The middle hymn/song doesn’t have to process anyone, so we have some freedom with the style. Is it before or after the sermon– will it set up the sermon, or is it a musical commentary on what has been preached? The final hymn/song sends the congregation into the world, so its purpose is to sum up the scripture and teachings in a practical way that the people of God can take with them when they leave.
Well, do you think that’s enough to consider? 🙂 Yes, there’s a lot to take into account, but when all of this comes together in a worship service, it can be an absolutely profound experience.
I’d like to share an example of a hymn from the worship I was a part of a couple of weeks ago. I don’t think there could be a more perfect hymn to tie in all of the different elements of that worship service.
It was Sunday, June 28th, about one month after Pentecost. The sermon title was “A Redemptive Word for the Marginalized,” and the scriptural focus was Mark 5:21-43, which includes the woman who knew that if she touched Jesus’ cloak, she would be healed, along with the synagogue leader Jairus, who begged Jesus to heal his dying/dead daughter.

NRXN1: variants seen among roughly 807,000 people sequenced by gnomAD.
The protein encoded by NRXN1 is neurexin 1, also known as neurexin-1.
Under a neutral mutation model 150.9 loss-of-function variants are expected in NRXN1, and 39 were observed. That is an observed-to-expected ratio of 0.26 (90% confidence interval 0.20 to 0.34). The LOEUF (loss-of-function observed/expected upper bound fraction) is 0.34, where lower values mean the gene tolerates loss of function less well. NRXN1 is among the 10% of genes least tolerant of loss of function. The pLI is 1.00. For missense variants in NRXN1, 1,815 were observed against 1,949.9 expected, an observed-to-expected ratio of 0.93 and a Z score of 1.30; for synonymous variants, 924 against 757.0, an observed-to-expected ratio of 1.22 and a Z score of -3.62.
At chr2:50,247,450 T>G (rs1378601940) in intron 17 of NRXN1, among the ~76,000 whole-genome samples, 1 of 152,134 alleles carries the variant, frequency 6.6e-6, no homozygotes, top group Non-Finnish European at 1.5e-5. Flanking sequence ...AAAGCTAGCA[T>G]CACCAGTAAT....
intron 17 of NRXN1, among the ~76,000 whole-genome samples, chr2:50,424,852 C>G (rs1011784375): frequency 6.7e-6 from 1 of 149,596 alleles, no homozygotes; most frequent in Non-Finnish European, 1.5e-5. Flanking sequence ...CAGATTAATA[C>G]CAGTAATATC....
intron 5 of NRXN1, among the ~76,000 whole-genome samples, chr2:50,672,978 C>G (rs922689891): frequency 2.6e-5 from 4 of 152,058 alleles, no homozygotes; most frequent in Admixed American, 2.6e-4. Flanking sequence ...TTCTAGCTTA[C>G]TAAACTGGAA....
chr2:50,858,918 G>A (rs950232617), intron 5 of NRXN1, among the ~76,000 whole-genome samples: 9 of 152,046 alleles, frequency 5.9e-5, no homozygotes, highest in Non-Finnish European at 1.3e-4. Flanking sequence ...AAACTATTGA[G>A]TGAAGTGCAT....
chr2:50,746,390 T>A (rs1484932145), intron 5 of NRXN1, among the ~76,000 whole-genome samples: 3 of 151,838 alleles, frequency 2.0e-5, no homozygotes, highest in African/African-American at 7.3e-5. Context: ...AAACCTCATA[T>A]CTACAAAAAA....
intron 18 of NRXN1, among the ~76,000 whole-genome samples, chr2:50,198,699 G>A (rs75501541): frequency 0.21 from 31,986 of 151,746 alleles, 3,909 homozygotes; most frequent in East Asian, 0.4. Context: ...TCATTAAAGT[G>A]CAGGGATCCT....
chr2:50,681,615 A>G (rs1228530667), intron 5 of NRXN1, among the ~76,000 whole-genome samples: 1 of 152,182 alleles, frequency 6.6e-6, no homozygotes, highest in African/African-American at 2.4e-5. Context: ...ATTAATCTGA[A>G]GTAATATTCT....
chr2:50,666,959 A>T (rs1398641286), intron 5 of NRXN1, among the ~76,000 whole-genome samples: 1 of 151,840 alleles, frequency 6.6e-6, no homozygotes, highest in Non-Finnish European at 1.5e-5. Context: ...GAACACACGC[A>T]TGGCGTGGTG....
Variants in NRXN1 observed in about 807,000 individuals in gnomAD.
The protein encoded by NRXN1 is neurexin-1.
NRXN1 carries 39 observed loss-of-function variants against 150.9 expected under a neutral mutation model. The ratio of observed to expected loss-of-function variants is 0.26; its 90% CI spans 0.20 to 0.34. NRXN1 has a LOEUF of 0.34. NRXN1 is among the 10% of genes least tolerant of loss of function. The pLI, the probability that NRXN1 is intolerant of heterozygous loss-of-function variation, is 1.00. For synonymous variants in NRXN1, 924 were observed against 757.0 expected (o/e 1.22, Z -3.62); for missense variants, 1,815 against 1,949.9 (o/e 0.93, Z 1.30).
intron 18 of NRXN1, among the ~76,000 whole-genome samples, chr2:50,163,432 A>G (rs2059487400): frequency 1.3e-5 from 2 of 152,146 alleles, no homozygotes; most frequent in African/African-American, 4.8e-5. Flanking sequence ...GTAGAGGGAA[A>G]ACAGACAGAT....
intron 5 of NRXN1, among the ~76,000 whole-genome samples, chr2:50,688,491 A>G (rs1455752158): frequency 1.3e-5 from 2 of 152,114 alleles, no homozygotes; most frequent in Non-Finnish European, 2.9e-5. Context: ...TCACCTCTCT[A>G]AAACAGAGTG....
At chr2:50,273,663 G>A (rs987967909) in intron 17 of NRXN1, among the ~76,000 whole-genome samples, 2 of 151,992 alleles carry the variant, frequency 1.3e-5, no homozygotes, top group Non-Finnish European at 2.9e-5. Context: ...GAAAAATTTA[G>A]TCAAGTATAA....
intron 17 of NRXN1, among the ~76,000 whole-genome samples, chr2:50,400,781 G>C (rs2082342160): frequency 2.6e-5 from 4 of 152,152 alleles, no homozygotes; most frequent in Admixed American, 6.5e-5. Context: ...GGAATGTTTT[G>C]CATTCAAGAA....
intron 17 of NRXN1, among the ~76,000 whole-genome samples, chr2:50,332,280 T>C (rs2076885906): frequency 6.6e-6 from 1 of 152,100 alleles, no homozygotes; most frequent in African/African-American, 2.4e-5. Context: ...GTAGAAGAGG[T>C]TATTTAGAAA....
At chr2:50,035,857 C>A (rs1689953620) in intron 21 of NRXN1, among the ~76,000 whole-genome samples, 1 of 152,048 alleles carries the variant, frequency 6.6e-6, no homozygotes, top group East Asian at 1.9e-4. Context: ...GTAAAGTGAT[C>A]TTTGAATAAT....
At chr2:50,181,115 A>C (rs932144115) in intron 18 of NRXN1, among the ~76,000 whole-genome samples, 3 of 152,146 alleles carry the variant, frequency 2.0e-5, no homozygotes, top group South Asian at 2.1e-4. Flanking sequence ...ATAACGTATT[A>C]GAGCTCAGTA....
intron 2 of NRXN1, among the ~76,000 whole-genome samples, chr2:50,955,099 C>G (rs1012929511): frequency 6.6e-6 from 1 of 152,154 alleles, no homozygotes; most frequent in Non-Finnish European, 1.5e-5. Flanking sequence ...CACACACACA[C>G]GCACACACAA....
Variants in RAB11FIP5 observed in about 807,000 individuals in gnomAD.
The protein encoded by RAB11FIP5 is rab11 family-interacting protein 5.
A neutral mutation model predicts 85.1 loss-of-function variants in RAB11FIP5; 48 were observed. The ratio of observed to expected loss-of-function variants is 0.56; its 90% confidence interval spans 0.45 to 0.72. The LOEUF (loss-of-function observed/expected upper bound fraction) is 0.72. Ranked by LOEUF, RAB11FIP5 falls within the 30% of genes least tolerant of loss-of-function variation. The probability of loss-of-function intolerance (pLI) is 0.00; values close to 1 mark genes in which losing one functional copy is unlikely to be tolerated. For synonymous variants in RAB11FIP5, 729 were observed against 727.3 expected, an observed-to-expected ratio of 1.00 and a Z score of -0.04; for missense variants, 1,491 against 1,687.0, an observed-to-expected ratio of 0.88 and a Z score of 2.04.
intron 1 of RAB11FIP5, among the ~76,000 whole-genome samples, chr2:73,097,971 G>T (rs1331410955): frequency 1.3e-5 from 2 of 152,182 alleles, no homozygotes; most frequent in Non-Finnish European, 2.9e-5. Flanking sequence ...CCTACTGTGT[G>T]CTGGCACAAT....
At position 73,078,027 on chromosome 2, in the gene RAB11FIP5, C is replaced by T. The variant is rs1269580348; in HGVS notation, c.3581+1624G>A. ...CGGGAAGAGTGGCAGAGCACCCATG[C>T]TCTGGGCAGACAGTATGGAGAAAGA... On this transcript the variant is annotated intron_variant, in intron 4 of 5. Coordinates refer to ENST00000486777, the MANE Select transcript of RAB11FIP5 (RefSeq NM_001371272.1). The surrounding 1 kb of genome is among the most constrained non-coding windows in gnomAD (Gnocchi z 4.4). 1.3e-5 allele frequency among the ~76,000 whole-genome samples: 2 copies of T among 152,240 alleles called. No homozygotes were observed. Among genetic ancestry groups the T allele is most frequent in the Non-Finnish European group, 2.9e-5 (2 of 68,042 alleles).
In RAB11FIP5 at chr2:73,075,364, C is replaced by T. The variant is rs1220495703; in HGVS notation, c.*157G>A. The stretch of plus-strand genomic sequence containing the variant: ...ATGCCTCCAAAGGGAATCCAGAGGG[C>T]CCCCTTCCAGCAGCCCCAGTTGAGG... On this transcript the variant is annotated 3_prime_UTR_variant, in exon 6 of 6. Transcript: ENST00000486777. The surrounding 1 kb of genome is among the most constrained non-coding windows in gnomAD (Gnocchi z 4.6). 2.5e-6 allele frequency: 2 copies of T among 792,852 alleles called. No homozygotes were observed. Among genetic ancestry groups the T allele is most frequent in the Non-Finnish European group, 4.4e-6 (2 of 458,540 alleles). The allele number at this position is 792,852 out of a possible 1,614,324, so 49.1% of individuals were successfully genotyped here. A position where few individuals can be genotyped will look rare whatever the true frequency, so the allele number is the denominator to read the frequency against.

The psalm reading of the day was Psalm 130:
Out of the depths I cry to you, Lord;
Lord, hear my voice.
Let your ears be attentive
to my cry for mercy.
If you, Lord, kept a record of sins,
Lord, who could stand?
But with you there is forgiveness,
so that we can, with reverence, serve you.
I wait for the Lord, my whole being waits,
and in his word I put my hope.
I wait for the Lord
more than watchmen wait for the morning,
more than watchmen wait for the morning.
Israel, put your hope in the Lord,
for with the Lord is unfailing love
and with him is full redemption.
He himself will redeem Israel
from all their sins.
The first hymn of the day was Wesley’s “O For a Thousand Tongues to Sing,” which was Charles Wesley’s poetic response to his conversion experience, and is a thorough praise of every aspect of Jesus’ redemptive love.
The two choir anthems were Rollo Dilworth’s “Witness for My Lord,” and “Lord, Keep Us Steadfast in Your Word” by Donald Busarow; the final hymn was “Only Trust Him.”
Working from this information, it seems that the worship was focused around the trust in Jesus’ power that comes from faith in Him, and the call to praise and worship that naturally results from that faith.